If unelected bureaucrats can decide what “disinformation is” and use taxpayer money to attack unapproved news sources, how long before they start separating protected freedom of speech and press from “propaganda” they’re authorized to censor and suppress.

Tyler Durden at Zero Hedge described the political situation well in a recent column:

The scene is now set for the US government to legally crack down on every media outlet that the government deems to be “foreign propaganda.

It is exactly the sort of censorship I depict in my novel, The Stringers. Instead of a Global Engagement Center, the Information Security Administration determines what news is “real” and which is “fake.” Rather than manipulating local journalism through a grant program, all journalists are licensed and the ISA has an officer in every newsroom ensuring the state narrative is protected before any article is published.

When I first started writing The Stringers in 2013, I envisioned the country creating anti-free speech laws under the guise of combating “misinformation,” along with some clever constitutional misinterpretation.

Suffice to say, I never imagined reality would bear so close a resemblance to the story.

If you want to know what your future might look like, pick up a copy of The Stringers, and read tomorrow’s headlines today.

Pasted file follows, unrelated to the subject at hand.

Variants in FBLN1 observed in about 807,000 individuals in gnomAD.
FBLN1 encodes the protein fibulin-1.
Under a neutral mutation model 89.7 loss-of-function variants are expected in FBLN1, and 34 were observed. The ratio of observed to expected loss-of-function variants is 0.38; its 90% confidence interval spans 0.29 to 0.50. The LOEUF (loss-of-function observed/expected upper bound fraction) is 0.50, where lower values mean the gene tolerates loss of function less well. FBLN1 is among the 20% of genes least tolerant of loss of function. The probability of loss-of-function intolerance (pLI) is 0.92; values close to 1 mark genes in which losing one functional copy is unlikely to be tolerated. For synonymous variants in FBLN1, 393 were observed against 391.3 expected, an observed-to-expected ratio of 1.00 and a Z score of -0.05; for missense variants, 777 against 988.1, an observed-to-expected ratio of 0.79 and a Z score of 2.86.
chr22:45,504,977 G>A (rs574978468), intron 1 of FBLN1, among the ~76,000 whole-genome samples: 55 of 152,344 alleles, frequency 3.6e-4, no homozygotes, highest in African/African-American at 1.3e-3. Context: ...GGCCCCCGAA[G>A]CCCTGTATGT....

The Life Of Dick Proenneke: What It Means To Be Free

Freedom is a curious word. We use it a lot in conversation without the need to explain or justify why we want it. The desire would appear to be a universal human craving.

However, as an overall concept, it is somewhat subjective.  What does it mean to have freedom, to be free? The answer all depends on who you ask, and their reply indicates their highest values in life.

I recall a passage from the novel 20,000 Leagues Under the Sea. Captain Nemo tells Professor Aronnax why he loves the sea.

“Independence is possible only here!” he declares. “Here I recognize no master! Here I am free!”

Freedom seems to be the idea that we are in control of lives. We are masters of our own fates. What befalls us, for better or worse, is the result of our behavior, not that of others who impose their will upon us. When we are free, we decide our destinies.

When I think of freedom in that sense, I think of the life of Dick Proenneke. A Navy carpenter and later diesel mechanic, Proenneke left civilization in 1967 at the age of 51 to live near the Upper Twin Lake, located in southern Alaska. Using only hand tools, he built a 10-foot by 12-foot log cabin entirely by himself. The cabin is now listed on the National Register of Historic Places.